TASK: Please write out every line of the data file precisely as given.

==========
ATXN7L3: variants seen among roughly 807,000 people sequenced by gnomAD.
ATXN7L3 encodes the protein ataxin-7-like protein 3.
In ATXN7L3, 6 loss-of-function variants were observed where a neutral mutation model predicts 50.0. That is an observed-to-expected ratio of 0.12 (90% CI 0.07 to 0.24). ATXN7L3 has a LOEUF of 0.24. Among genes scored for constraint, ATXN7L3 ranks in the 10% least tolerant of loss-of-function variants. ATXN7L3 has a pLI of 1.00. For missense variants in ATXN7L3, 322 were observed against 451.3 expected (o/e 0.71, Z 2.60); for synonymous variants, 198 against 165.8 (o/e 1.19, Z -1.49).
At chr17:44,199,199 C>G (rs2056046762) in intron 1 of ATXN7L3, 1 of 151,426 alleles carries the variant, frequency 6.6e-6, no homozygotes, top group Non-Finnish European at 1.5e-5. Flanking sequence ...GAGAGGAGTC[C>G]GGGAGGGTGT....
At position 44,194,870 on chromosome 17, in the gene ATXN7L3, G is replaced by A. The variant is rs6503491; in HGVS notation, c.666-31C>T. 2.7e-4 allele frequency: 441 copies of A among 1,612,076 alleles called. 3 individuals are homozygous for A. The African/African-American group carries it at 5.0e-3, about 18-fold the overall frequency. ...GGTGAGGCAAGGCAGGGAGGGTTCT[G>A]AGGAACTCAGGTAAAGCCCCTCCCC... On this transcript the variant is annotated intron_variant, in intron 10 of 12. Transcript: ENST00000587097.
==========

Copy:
ATXN7L3: variants seen among roughly 807,000 people sequenced by gnomAD.
ATXN7L3 encodes the protein ataxin-7-like protein 3.
In ATXN7L3, 6 loss-of-function variants were observed where a neutral mutation model predicts 50.0. That is an observed-to-expected ratio of 0.12 (90% CI 0.07 to 0.24). ATXN7L3 has a LOEUF of 0.24. Among genes scored for constraint, ATXN7L3 ranks in the 10% least tolerant of loss-of-function variants. ATXN7L3 has a pLI of 1.00. For missense variants in ATXN7L3, 322 were observed against 451.3 expected (o/e 0.71, Z 2.60); for synonymous variants, 198 against 165.8 (o/e 1.19, Z -1.49).
At chr17:44,199,199 C>G (rs2056046762) in intron 1 of ATXN7L3, 1 of 151,426 alleles carries the variant, frequency 6.6e-6, no homozygotes, top group Non-Finnish European at 1.5e-5. Flanking sequence ...GAGAGGAGTC[C>G]GGGAGGGTGT....
At position 44,194,870 on chromosome 17, in the gene ATXN7L3, G is replaced by A. The variant is rs6503491; in HGVS notation, c.666-31C>T. 2.7e-4 allele frequency: 441 copies of A among 1,612,076 alleles called. 3 individuals are homozygous for A. The African/African-American group carries it at 5.0e-3, about 18-fold the overall frequency. ...GGTGAGGCAAGGCAGGGAGGGTTCT[G>A]AGGAACTCAGGTAAAGCCCCTCCCC... On this transcript the variant is annotated intron_variant, in intron 10 of 12. Transcript: ENST00000587097.